Menu

Sacred Wicca

header photo

Goddess Pele

 

Pele is the ruler of the volcanoes of Hawaii and humans have no power to resist her.  When Pele speaks, her word is final.  She may appear as a tall beautiful young woman, or as an old woman, wrinkled and bent with age, sometimes accompanied by a white dog.  When enraged she may appear as a woman all aflame or as pure flame.  Her sacred name as a spirit is Ka-ula-o-ke-ahi, the redness of the fire. 

 

Her personality is volcanic, unpredictable, impulsive and given to sudden rages and violence.  Hers is both the power to destroy and the power to create new land.   Tutu is an affectionate term from grandparent and Hawaiians regard Tutu Pele not with fear but with filial respect; and with a touching resignation should a lava flow consume their homes.  In December 1986, lava destroyed part of the village of Kalapana.  A resident, interviewed while loading his possessions into a truck said:  “I love my home; lived here all my life, and my family for generations.  But if Tutu take it, it’s her land.”

 

 

 

The story of Pele and Kamapua’a:

 

In the Polynesian universe, all form was created and distinguished by the pairing of opposites, and the story of Pele and Kamapua’a describes the concept of a love/hate relationship.  Kamapua’a was a demi-god who could turn himself into a tall handsome chief who wore a cape to conceal the pig bristles which grew down his back, or into a gigantic eight eyed hg.  He could also shape shift into various kinds of fish and plants.

 

His character personifies the nature of a pig, the largest land animal known to the Polynesians, that which is brought to mind by the feminist term “male chauvinist pig” does not fall short of describing Kamapua’a social behavior and appetites which frequently got him into trouble.  His many amorous adventures and contests with outraged husbands were in the old days told with great relish.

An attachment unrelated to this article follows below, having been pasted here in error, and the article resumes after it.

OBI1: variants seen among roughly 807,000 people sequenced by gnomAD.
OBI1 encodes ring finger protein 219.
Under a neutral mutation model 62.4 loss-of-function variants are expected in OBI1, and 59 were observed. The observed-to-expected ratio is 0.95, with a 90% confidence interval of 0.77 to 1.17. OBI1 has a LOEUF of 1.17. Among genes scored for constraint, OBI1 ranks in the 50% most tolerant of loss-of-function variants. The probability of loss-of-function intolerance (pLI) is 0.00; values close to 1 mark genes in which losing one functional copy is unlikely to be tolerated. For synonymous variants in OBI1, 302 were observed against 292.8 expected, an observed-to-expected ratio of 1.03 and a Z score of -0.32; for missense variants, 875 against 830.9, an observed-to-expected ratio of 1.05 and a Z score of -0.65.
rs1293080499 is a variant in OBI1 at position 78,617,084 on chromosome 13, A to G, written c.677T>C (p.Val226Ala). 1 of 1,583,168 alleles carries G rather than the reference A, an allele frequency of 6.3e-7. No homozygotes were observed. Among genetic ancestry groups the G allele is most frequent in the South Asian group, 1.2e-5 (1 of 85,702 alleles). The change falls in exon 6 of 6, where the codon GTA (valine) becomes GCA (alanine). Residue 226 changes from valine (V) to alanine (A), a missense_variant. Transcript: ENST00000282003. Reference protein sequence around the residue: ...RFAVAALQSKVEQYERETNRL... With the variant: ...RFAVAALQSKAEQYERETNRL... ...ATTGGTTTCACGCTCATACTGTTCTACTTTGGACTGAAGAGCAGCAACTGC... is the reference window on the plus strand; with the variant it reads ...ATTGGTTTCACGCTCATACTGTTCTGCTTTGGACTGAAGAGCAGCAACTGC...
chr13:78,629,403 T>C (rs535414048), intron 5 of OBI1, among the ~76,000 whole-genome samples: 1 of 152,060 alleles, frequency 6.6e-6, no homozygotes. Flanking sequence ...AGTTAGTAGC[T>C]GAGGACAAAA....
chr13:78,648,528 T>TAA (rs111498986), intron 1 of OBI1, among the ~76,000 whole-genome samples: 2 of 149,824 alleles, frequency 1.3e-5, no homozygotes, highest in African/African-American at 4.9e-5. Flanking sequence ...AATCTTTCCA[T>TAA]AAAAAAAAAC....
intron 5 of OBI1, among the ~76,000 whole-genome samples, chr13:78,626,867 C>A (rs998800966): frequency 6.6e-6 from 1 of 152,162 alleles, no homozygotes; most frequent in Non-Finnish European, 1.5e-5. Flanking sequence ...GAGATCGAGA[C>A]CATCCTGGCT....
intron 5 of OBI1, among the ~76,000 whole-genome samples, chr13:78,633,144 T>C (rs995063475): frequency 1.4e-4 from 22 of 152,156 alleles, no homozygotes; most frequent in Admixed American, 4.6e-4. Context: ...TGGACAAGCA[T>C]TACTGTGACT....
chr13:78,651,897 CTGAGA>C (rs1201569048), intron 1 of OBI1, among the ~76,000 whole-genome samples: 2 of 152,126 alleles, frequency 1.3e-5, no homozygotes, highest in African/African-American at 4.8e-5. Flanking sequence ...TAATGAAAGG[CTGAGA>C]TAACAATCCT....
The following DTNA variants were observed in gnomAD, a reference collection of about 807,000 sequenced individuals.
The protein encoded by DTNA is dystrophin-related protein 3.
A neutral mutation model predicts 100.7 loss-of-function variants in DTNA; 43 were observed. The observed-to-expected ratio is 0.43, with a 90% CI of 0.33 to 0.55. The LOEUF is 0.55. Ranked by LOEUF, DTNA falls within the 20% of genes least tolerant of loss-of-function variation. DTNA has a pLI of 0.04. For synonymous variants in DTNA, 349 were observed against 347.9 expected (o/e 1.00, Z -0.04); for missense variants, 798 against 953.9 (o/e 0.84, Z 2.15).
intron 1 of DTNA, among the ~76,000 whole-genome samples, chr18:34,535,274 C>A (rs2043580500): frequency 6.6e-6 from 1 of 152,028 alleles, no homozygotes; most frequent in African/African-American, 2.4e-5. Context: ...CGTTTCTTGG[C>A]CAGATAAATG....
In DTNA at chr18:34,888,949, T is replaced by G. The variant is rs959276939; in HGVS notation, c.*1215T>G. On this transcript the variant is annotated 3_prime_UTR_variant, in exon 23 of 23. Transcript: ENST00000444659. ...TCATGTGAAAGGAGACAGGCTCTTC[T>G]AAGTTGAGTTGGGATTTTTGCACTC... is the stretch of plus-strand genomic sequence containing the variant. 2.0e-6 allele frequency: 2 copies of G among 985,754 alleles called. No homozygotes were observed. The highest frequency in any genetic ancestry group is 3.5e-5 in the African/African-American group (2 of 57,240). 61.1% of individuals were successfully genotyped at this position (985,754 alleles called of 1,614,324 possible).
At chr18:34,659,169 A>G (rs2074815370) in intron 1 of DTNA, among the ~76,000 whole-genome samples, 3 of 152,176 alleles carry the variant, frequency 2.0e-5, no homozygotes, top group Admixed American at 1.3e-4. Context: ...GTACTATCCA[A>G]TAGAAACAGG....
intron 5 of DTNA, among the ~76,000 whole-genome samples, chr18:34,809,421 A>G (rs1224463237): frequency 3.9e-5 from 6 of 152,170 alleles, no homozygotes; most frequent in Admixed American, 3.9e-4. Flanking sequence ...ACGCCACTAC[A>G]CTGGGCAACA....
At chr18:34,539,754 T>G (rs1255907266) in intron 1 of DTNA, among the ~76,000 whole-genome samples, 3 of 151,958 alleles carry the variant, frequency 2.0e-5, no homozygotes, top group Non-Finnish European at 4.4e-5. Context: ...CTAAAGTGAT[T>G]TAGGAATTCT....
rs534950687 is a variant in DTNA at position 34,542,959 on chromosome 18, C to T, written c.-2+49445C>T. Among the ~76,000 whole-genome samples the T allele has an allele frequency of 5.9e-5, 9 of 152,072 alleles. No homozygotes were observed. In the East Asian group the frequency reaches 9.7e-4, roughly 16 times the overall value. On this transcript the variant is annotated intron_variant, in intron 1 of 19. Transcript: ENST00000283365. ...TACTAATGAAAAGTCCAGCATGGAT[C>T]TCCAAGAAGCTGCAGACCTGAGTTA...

Like pigs Kamapua’a preferred cool damp environments such as are found on the rainy windward sides of the islands where the stream-eroded gulches and valleys laced with waterfalls are said to have been made by the rooting of Kamapua’a as a great boar.  Here too is the abundant vegetation that pigs prefer; his environmental preferences were opposite that of Pele.

 

One day when Pele and her sister Kapo (Goddess of dark powers, sorcery and shape shifting) were traveling they were seen by Kamapua’a.  Aroused by the sight of Pele, he pursued her.  Kapo, however, happened to possess a detachable vagina.  To save Pele, she threw this decoy away from the direction of their flight, and Kamapua’a distracted, when off after it.  The evidence for the story is found on the island of O’ahu at Koko Head, where a hill inland from Hanauma Bay shows on its eastern side the imprint made where Kapo’s decoy struck against it.

 

Kamapua’a could not forget his desire for Pele.  He went to woo her, but she scorned him, calling him a pig and a son of a pig, and even more insulting jibes.  Their taunts led to a furious battle between them.

 

She hurled fire and molten lava at him and chased him into the sea, but he turned himself into a fish.